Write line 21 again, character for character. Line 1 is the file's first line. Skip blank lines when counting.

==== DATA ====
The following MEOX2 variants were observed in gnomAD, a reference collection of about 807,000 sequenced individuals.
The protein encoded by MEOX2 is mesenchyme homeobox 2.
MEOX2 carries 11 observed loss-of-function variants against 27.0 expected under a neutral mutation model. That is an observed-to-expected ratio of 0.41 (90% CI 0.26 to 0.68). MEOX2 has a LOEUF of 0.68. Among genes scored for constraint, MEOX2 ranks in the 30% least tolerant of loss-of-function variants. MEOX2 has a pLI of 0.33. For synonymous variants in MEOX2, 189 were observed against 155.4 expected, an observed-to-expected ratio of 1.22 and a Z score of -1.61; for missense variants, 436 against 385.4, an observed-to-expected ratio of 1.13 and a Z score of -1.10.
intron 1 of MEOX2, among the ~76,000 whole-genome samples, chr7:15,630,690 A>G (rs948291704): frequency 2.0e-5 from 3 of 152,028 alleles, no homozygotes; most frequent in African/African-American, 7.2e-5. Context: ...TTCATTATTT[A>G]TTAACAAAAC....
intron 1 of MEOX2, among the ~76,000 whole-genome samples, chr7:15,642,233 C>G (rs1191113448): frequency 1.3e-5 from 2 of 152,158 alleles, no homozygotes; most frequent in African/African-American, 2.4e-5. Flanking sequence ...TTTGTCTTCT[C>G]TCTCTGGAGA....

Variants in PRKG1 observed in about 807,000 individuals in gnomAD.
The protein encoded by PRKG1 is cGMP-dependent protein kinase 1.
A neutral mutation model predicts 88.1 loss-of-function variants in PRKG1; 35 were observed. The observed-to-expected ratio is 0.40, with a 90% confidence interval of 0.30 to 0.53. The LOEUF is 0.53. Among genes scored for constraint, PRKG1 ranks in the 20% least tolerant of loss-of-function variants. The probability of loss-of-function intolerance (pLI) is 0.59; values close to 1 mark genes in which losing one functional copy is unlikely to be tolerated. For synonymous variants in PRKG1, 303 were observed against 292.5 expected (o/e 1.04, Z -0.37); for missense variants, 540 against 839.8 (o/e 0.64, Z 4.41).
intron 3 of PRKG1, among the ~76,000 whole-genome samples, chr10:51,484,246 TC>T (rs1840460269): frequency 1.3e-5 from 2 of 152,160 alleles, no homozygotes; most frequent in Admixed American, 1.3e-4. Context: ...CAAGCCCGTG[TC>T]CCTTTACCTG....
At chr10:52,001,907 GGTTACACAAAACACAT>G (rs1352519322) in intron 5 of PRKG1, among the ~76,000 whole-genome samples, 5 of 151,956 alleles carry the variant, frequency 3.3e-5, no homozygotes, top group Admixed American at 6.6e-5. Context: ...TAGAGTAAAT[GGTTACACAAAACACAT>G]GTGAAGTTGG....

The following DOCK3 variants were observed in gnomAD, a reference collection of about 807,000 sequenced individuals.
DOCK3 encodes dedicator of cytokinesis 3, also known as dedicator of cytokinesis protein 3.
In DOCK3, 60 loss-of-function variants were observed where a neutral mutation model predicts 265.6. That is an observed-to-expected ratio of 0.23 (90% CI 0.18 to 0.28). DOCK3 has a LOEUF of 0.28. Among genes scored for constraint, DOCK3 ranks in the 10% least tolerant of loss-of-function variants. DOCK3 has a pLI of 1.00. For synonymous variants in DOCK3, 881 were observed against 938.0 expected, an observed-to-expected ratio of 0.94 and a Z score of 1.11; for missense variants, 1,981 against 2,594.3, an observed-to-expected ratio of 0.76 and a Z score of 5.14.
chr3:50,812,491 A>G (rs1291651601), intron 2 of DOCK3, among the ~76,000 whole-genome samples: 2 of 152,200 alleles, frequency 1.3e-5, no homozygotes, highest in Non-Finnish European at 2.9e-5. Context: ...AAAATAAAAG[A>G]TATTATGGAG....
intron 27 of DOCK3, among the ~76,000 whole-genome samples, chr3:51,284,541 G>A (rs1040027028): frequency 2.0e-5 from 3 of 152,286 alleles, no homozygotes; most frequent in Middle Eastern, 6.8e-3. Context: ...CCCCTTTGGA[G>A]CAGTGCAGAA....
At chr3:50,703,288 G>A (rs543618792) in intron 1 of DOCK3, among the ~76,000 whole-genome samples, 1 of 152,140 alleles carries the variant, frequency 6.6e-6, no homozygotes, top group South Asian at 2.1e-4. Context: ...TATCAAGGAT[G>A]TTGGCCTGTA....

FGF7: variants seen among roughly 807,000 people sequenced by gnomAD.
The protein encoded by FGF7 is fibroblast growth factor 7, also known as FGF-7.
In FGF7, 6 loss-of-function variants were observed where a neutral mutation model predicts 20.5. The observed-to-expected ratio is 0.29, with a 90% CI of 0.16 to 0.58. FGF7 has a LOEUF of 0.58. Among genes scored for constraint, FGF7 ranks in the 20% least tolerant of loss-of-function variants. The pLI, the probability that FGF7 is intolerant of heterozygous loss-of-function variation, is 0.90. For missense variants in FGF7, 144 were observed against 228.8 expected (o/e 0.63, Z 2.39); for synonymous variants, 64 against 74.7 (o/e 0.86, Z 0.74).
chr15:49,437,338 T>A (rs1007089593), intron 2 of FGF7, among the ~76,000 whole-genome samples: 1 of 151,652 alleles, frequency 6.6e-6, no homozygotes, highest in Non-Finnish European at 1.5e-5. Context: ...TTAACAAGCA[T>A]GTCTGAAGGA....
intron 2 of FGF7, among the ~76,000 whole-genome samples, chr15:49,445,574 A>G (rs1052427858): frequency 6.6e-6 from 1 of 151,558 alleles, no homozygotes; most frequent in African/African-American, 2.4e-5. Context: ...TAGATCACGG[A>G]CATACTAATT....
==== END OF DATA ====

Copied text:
intron 2 of FGF7, among the ~76,000 whole-genome samples, chr15:49,445,574 A>G (rs1052427858): frequency 6.6e-6 from 1 of 151,558 alleles, no homozygotes; most frequent in African/African-American, 2.4e-5. Context: ...TAGATCACGG[A>G]CATACTAATT....